We floated on the Smith from the boat ramp to the gravel bar just past the bridge — which is how the locals would put it. More precisely, we put in at the confluence of the middle and south forks of the Smith river, floated past Sheep Pen Creek and the Boulder Garden, through the Cable Hole, past both Cedar and Mill Creek inlets, taking out just past the Hiouchi Bridge.
In small towns, there’s no need to be precise. Most people here know what your gonna say well before you ever get the thought together yourself … just one of those unnerving things about speaking with people who have been hunting, fishing, and generally surviving on their own for decades (outsmarting fauna is a skill evolution selects for, winnowing out the passive and strategically disinclined, aka suburban stock such as myself).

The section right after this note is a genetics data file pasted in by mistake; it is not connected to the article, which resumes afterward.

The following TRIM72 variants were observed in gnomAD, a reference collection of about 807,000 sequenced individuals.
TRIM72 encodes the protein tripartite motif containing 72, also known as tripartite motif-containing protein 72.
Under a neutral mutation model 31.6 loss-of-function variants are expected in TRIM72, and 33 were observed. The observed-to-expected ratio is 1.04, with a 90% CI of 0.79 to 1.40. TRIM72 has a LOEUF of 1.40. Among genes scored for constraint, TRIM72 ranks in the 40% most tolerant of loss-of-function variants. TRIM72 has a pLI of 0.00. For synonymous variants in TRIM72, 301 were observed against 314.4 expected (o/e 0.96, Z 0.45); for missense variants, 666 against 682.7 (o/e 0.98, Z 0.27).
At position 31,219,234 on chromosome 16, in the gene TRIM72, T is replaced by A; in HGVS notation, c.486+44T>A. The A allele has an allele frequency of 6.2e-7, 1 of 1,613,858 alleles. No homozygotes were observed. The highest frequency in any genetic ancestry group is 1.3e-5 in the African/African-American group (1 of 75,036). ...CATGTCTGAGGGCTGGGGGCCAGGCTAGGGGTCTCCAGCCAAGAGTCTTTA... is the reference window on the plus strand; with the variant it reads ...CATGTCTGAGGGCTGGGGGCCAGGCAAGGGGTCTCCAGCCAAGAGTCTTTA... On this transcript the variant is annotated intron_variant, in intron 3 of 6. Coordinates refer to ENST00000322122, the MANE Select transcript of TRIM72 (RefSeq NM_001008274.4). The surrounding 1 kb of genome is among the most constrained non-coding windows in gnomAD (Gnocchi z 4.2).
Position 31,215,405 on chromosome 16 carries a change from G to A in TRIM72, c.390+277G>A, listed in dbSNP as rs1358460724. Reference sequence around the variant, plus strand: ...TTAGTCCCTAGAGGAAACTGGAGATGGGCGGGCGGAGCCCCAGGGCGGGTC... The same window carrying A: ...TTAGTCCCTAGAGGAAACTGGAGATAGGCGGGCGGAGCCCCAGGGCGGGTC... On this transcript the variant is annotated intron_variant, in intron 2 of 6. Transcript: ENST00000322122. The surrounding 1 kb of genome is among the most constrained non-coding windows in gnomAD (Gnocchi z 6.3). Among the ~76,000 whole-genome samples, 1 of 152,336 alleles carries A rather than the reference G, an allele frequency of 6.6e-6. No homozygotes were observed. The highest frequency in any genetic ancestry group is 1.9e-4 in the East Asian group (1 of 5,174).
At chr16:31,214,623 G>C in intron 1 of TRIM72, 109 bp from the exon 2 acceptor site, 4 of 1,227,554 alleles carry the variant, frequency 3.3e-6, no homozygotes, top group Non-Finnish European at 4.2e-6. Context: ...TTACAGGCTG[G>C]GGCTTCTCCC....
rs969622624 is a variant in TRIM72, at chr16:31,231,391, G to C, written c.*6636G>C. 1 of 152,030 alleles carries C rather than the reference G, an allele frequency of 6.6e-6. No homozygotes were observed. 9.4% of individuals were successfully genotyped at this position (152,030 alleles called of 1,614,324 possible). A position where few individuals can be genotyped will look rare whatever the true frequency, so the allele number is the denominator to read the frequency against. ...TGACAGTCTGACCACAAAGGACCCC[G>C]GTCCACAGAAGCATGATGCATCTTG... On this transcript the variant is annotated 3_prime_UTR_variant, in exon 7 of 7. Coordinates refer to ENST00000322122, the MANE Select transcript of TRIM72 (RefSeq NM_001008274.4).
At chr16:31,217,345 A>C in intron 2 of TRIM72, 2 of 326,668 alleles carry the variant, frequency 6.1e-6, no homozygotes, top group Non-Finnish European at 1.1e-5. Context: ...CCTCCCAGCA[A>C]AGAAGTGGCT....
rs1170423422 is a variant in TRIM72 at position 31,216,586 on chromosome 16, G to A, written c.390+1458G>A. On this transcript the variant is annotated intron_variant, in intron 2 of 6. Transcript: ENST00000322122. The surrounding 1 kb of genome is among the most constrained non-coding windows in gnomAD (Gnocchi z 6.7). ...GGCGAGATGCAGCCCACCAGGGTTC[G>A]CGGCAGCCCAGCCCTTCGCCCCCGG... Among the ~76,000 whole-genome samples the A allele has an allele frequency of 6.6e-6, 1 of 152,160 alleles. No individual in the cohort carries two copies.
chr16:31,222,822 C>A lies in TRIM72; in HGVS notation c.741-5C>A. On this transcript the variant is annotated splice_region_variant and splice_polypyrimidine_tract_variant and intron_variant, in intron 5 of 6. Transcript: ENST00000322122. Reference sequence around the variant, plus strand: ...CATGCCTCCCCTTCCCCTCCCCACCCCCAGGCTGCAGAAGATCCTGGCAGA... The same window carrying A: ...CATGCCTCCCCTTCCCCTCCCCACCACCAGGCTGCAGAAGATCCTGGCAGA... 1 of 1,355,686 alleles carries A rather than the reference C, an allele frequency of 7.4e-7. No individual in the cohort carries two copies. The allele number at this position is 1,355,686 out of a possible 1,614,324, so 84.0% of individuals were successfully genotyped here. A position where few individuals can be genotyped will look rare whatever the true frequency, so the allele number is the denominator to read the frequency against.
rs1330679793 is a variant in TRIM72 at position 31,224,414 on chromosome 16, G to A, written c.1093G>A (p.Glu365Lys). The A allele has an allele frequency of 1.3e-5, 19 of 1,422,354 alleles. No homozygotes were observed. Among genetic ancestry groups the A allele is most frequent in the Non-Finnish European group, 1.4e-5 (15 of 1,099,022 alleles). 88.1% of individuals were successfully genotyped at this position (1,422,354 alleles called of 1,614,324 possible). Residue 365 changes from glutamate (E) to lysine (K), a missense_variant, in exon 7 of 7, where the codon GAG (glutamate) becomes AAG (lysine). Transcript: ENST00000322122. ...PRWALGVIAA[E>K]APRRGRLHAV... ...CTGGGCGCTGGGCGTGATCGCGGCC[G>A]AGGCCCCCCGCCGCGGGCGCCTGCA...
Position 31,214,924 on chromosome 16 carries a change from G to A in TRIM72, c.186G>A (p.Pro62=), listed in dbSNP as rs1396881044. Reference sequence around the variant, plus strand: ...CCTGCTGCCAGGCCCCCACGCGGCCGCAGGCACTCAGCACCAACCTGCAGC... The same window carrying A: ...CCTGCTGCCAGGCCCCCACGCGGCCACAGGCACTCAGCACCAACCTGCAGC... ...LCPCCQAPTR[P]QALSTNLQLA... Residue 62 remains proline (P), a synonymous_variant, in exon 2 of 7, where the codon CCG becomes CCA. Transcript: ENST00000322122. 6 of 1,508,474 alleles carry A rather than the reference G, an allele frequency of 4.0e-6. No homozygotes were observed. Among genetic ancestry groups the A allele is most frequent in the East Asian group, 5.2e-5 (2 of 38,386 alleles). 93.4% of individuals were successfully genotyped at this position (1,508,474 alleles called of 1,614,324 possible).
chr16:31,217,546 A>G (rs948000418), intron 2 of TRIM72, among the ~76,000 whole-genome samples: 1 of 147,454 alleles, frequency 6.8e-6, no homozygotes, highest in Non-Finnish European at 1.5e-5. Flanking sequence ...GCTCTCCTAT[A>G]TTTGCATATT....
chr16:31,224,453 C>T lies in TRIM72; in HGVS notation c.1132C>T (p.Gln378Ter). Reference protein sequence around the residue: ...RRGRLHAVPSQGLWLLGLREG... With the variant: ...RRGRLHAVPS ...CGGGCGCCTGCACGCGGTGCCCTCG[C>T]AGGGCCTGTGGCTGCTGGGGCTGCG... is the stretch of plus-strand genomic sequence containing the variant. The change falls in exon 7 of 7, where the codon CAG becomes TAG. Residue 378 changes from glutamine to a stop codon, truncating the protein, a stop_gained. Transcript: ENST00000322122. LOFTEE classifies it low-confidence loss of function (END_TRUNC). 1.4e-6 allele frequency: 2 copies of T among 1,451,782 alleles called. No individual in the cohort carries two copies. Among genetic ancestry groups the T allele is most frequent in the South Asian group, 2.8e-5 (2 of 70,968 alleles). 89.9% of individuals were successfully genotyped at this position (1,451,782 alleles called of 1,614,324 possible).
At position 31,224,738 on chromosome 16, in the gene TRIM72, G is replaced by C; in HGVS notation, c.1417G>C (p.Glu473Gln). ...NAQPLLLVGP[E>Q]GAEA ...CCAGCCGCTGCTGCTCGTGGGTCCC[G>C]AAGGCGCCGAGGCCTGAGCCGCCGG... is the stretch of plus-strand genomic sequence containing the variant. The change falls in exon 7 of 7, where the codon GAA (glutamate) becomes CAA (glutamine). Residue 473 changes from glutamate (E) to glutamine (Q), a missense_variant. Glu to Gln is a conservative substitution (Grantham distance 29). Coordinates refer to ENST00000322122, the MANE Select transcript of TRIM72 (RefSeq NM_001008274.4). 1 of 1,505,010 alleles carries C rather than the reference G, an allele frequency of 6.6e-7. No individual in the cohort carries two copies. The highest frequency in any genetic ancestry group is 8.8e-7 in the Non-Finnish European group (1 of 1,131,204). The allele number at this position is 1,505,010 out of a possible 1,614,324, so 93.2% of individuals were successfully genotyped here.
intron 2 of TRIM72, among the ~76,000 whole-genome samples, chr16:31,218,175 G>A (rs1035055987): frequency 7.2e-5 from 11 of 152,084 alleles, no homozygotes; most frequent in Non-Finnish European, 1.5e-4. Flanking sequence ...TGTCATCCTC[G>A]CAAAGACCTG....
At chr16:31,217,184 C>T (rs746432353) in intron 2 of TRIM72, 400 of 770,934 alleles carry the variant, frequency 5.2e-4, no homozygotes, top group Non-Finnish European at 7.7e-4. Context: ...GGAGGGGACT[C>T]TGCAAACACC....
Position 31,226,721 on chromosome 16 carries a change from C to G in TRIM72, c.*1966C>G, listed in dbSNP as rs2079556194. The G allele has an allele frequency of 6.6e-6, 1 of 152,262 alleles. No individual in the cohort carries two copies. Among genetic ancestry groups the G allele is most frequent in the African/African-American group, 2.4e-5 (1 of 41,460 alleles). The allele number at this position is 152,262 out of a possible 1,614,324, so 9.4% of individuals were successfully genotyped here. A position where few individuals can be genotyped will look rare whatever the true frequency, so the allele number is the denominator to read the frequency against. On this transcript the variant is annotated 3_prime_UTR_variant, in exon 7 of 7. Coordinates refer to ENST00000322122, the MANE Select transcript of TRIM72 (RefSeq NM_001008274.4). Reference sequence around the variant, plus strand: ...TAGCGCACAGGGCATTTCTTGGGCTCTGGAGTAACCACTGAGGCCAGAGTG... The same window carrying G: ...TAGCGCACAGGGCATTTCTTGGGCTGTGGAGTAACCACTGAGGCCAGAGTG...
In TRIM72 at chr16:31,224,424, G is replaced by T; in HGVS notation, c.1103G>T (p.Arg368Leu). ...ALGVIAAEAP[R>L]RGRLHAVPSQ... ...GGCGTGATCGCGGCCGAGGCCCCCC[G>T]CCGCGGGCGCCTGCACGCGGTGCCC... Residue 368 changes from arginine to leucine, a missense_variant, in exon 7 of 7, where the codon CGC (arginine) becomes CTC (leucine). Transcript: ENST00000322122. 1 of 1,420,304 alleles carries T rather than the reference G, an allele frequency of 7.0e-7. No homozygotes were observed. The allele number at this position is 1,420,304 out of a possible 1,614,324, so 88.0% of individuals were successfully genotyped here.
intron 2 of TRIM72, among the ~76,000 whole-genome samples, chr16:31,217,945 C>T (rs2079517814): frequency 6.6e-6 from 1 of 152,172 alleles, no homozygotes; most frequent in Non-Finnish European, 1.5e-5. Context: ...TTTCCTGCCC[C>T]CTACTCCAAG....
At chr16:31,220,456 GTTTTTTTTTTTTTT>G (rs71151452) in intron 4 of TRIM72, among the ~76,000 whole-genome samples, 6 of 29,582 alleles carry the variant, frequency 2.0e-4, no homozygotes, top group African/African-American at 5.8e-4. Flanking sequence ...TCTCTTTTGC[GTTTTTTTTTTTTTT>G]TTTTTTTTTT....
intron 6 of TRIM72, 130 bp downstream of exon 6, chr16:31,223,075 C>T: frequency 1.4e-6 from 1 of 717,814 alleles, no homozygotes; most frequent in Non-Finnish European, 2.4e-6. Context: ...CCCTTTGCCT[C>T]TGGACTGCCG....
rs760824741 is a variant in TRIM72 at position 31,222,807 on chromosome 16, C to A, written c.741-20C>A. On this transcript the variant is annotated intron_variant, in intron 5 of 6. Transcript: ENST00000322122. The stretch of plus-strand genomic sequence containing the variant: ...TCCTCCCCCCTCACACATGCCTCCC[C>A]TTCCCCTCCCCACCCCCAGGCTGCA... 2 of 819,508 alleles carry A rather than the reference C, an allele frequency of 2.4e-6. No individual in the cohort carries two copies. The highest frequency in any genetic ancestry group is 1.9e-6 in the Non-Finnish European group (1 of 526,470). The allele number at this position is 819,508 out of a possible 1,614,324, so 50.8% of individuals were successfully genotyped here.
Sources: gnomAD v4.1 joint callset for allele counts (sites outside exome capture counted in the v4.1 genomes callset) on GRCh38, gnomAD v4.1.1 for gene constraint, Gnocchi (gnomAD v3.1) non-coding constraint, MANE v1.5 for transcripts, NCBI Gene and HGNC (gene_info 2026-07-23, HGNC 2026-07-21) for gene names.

Grant was helming the drift boat. I was along for the ride, at the gracious mercy of one of the area’s most knowledgeable conservationists (and not only knowledgeable, but also generous with his private cache of insight and science).
I’d met Grant at a local business event about two weeks ago. He had a bright smile and firm handshake — and when we realized we couldn’t sit together, able to break the monotony of awards and banal acceptance speeches, made a hasty plan to meet at the Hiouchi Cafe soon for breakfast. We were neighbors in Hiouchi and sought the fellowship men often create over scrambled eggs and coffee.
Fellowship was indeed accomplished and just a few days after the eggs were digested, I was out on Grant’s boat, moving with the unpredictable current of the Smith and experiencing the river in a brand new way.